Moroccan green energy receives key AfDB backing: Morocco has huge potential to generate solar and wind power and is strategically placed to supply Europe with electricity. The AfDB is supporting a rapid roll-out of projects, including wind farms and one of the world's biggest concentrated solar power projects.


The African Development Bank (AfDB), the World Bank, various international financial institutions and the government of Morocco have committed substantial concessional finance to developing solar power projects. As long ago as 2009, Morocco announced a hugely ambitious $9bn plan to produce no less than 2,000MW of electricity by 2020.



The country currently imports nearly 2.5m tons of fossil fuels such as oil and coal, much of which is utilised to generate its electricity needs in thermal power stations, and those fuels account for around one-quarter of Morocco's total imports bill.

Morocco inaugurated the Ain Beni Mathar Integrated Solar Thermal Combined Cycle Power Station in 2010 and this represented the AfDB's first investment in concentrated solar power. This plant combines solar power and thermal gas power. The use of this system helped reduce the national fuel bill, and avoids emissions of woo tons of [CO.sub.2] per year compared to a fully gas-powered plant.

Ain Beni Mathar in Morocco, near the border with Algeria, was considered the perfect site to build a thermal and solar hybrid plant. The first of its kind in Africa, Ain Beni Mathar underpins the decision to build five concentrated solar power (CSP) plants.


The first CSP site being planned is now under construction and is scheduled to become operational next year. It leverages the huge amount of solar energy that falls on the North African region in general. Morocco receives more than 3,000 hours of dependable sunshine every year, and studies have shown that 15% of Europe's energy could be provided by North African solar power plants by 2050.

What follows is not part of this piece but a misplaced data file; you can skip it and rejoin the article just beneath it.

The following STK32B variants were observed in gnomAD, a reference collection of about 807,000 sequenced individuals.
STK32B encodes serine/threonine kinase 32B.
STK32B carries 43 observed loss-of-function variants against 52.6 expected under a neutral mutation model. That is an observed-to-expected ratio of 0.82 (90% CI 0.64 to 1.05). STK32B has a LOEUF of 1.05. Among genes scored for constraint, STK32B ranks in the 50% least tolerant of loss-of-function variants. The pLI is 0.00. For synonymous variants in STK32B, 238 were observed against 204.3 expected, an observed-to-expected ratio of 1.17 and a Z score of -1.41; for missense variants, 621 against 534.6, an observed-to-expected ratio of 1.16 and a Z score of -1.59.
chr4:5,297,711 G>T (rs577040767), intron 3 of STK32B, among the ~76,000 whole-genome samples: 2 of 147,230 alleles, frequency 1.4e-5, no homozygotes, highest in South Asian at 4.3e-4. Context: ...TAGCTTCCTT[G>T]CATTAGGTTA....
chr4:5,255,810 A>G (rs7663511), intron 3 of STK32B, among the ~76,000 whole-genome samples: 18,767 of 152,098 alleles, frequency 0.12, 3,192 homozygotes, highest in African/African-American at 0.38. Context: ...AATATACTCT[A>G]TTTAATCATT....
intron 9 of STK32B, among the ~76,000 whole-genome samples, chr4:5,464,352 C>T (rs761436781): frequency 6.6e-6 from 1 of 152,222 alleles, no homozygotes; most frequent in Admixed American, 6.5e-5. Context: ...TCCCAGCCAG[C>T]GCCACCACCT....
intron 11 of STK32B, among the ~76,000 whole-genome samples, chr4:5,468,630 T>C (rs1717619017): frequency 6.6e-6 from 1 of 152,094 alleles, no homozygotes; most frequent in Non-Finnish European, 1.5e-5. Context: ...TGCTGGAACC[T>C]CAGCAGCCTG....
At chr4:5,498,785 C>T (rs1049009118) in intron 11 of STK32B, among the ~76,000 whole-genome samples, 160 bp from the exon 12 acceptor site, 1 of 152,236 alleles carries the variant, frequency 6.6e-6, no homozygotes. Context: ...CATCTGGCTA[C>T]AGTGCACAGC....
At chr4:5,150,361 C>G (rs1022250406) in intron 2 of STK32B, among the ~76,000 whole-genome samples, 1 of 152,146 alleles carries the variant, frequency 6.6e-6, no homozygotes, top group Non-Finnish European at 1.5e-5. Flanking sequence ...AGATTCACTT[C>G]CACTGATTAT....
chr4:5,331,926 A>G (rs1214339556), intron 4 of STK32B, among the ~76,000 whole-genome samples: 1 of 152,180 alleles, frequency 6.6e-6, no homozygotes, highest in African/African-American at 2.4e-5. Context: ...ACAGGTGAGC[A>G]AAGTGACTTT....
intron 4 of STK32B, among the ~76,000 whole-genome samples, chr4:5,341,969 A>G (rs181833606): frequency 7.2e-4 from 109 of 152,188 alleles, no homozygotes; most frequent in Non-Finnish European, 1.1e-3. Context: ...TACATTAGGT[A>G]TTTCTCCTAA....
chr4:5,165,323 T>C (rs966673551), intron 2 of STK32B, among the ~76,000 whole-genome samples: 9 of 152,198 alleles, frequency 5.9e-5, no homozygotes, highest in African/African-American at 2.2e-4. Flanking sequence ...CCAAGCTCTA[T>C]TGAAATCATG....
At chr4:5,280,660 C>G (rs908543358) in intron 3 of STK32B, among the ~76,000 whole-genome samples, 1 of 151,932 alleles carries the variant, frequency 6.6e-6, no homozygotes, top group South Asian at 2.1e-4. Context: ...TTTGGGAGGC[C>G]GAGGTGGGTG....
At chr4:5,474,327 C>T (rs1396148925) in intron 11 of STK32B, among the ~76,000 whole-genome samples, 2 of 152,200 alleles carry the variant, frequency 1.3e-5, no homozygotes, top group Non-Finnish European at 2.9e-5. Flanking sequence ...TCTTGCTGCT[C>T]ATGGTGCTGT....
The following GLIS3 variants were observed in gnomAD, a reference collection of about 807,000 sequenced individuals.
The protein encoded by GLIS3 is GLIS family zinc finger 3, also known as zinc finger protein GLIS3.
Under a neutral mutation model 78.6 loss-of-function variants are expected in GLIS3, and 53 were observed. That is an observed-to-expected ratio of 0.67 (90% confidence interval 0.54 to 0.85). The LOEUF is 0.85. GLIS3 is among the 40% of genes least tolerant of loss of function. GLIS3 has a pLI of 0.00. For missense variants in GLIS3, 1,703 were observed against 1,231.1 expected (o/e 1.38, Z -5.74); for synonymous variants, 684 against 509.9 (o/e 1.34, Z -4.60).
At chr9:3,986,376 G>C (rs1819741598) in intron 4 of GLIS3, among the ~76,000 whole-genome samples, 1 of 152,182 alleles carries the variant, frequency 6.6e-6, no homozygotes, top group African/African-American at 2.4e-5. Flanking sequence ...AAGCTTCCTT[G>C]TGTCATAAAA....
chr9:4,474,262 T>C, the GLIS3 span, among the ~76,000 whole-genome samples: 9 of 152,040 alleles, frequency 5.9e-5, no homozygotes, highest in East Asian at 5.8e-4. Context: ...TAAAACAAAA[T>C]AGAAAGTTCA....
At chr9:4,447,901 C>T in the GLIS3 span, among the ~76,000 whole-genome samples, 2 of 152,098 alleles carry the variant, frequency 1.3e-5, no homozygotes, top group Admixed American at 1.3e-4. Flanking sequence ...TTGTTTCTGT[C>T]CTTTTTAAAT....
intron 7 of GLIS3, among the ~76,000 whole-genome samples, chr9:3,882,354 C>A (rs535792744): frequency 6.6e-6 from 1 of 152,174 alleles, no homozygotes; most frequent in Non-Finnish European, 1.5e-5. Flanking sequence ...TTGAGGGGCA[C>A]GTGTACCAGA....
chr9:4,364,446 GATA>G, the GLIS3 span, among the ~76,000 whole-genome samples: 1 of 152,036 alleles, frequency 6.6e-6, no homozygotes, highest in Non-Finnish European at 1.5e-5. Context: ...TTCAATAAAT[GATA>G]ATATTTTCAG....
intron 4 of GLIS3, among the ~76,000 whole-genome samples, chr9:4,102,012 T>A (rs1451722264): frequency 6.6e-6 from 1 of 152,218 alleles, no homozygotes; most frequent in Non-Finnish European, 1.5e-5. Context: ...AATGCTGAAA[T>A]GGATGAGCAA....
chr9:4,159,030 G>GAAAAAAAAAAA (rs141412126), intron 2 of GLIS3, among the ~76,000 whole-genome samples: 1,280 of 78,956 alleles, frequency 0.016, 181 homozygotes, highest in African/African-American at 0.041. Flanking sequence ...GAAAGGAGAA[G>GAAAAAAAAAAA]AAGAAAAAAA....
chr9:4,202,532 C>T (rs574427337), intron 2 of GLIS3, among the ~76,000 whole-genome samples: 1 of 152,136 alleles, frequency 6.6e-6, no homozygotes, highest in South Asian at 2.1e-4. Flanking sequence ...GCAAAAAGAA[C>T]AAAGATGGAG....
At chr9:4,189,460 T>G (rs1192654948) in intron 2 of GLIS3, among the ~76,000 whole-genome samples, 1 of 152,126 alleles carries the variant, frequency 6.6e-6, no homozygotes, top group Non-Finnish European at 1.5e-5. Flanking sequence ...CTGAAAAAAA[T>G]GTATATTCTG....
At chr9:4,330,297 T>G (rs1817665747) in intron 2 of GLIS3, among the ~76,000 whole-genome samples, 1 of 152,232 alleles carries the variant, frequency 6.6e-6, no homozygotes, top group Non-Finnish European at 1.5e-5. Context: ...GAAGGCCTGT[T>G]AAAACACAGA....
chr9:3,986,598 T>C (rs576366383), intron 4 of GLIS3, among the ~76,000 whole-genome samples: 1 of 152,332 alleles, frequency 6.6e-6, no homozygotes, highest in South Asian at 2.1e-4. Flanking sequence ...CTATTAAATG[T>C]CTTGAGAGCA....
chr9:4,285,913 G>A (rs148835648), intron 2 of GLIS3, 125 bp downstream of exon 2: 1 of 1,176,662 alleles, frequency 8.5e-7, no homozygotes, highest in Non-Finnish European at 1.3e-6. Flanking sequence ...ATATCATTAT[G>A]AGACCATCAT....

It is estimated that this plant, to be built at Ouarzazate, south-west of Marrakesh, will be three times as efficient as a similar plant built in northern Europe latitudes, in Manchester or Warsaw for example.

The first phase of the Ouarzazate concentrated solar power plant will generate 160MW of power, but eventually this site will be expanded in a second phase to generate a further 300MW.

Concessional clean technology funds (CTF) were provided by the AfDB and the World Bank. Other Multilateral Development Banks--European Investment Bank, Agence Francaise de Developpment, German Development Bank (KfW), and the EU's Neighbourhood Investment Facility--as well as Moroccan financial institutions and the government, have all committed finance for the first phase of the...

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